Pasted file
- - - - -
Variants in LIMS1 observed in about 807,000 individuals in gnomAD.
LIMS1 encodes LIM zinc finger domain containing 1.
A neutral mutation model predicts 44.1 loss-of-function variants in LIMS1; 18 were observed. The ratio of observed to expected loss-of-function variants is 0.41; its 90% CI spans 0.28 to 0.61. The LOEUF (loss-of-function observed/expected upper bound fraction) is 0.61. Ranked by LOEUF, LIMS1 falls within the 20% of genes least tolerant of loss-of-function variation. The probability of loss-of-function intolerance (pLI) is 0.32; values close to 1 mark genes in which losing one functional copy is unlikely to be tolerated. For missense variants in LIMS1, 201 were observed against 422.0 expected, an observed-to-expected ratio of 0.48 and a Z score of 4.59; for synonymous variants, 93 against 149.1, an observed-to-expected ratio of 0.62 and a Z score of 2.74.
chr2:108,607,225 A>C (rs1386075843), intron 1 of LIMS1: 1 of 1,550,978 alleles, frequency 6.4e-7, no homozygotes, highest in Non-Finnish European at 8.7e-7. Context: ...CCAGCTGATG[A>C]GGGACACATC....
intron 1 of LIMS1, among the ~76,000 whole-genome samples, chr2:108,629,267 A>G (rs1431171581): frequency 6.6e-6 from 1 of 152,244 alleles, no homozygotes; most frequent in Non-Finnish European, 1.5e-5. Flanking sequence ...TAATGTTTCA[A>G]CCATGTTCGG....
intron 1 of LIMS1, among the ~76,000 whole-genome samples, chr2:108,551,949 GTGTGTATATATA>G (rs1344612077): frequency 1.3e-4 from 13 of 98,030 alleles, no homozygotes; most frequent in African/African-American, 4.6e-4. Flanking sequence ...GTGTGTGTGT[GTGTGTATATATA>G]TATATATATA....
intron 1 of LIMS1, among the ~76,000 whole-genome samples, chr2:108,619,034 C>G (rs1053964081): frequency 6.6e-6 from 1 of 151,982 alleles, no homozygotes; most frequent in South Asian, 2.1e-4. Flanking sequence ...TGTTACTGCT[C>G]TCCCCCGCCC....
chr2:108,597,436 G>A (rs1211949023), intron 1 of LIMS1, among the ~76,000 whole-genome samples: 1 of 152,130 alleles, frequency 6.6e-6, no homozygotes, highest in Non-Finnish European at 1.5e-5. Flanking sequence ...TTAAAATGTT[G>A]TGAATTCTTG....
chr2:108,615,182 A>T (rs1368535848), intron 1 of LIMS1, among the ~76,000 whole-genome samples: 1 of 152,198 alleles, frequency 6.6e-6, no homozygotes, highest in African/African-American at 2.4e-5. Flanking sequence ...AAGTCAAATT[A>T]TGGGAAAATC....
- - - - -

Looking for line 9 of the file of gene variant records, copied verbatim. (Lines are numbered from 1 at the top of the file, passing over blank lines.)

chr2:108,615,182 A>T (rs1368535848), intron 1 of LIMS1, among the ~76,000 whole-genome samples: 1 of 152,198 alleles, frequency 6.6e-6, no homozygotes, highest in African/African-American at 2.4e-5. Flanking sequence ...AAGTCAAATT[A>T]TGGGAAAATC....